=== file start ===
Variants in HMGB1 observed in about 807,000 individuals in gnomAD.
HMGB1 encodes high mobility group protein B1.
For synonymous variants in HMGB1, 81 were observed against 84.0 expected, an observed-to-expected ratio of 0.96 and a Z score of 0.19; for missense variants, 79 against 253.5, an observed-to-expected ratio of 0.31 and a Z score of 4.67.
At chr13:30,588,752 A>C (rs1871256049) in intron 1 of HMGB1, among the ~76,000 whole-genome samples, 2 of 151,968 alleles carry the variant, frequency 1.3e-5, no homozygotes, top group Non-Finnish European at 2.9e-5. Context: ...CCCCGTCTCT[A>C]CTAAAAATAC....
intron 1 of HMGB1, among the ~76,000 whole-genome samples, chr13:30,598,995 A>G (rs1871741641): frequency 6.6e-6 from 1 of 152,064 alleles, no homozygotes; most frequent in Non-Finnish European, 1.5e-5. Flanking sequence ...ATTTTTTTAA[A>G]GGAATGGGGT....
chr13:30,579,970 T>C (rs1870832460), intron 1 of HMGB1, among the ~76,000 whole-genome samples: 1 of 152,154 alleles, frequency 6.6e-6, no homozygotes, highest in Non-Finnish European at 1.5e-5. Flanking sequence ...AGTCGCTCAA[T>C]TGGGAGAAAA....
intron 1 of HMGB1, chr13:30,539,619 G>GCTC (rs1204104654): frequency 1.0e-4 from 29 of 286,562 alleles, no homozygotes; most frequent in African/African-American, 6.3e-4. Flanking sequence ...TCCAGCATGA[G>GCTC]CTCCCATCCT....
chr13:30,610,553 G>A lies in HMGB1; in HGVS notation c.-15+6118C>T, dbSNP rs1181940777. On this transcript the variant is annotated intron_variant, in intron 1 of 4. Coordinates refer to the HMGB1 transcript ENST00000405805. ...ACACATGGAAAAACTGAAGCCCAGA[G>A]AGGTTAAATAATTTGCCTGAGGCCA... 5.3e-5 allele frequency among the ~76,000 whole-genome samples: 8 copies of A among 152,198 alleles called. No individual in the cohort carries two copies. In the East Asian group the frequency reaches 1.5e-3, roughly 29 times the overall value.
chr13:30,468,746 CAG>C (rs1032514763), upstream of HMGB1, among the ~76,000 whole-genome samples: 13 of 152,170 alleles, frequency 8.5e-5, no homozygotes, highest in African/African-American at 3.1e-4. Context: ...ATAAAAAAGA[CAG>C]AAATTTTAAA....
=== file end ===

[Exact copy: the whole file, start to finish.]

Variants in HMGB1 observed in about 807,000 individuals in gnomAD.
HMGB1 encodes high mobility group protein B1.
For synonymous variants in HMGB1, 81 were observed against 84.0 expected, an observed-to-expected ratio of 0.96 and a Z score of 0.19; for missense variants, 79 against 253.5, an observed-to-expected ratio of 0.31 and a Z score of 4.67.
At chr13:30,588,752 A>C (rs1871256049) in intron 1 of HMGB1, among the ~76,000 whole-genome samples, 2 of 151,968 alleles carry the variant, frequency 1.3e-5, no homozygotes, top group Non-Finnish European at 2.9e-5. Context: ...CCCCGTCTCT[A>C]CTAAAAATAC....
intron 1 of HMGB1, among the ~76,000 whole-genome samples, chr13:30,598,995 A>G (rs1871741641): frequency 6.6e-6 from 1 of 152,064 alleles, no homozygotes; most frequent in Non-Finnish European, 1.5e-5. Flanking sequence ...ATTTTTTTAA[A>G]GGAATGGGGT....
chr13:30,579,970 T>C (rs1870832460), intron 1 of HMGB1, among the ~76,000 whole-genome samples: 1 of 152,154 alleles, frequency 6.6e-6, no homozygotes, highest in Non-Finnish European at 1.5e-5. Flanking sequence ...AGTCGCTCAA[T>C]TGGGAGAAAA....
intron 1 of HMGB1, chr13:30,539,619 G>GCTC (rs1204104654): frequency 1.0e-4 from 29 of 286,562 alleles, no homozygotes; most frequent in African/African-American, 6.3e-4. Flanking sequence ...TCCAGCATGA[G>GCTC]CTCCCATCCT....
chr13:30,610,553 G>A lies in HMGB1; in HGVS notation c.-15+6118C>T, dbSNP rs1181940777. On this transcript the variant is annotated intron_variant, in intron 1 of 4. Coordinates refer to the HMGB1 transcript ENST00000405805. ...ACACATGGAAAAACTGAAGCCCAGA[G>A]AGGTTAAATAATTTGCCTGAGGCCA... 5.3e-5 allele frequency among the ~76,000 whole-genome samples: 8 copies of A among 152,198 alleles called. No individual in the cohort carries two copies. In the East Asian group the frequency reaches 1.5e-3, roughly 29 times the overall value.
chr13:30,468,746 CAG>C (rs1032514763), upstream of HMGB1, among the ~76,000 whole-genome samples: 13 of 152,170 alleles, frequency 8.5e-5, no homozygotes, highest in African/African-American at 3.1e-4. Context: ...ATAAAAAAGA[CAG>C]AAATTTTAAA....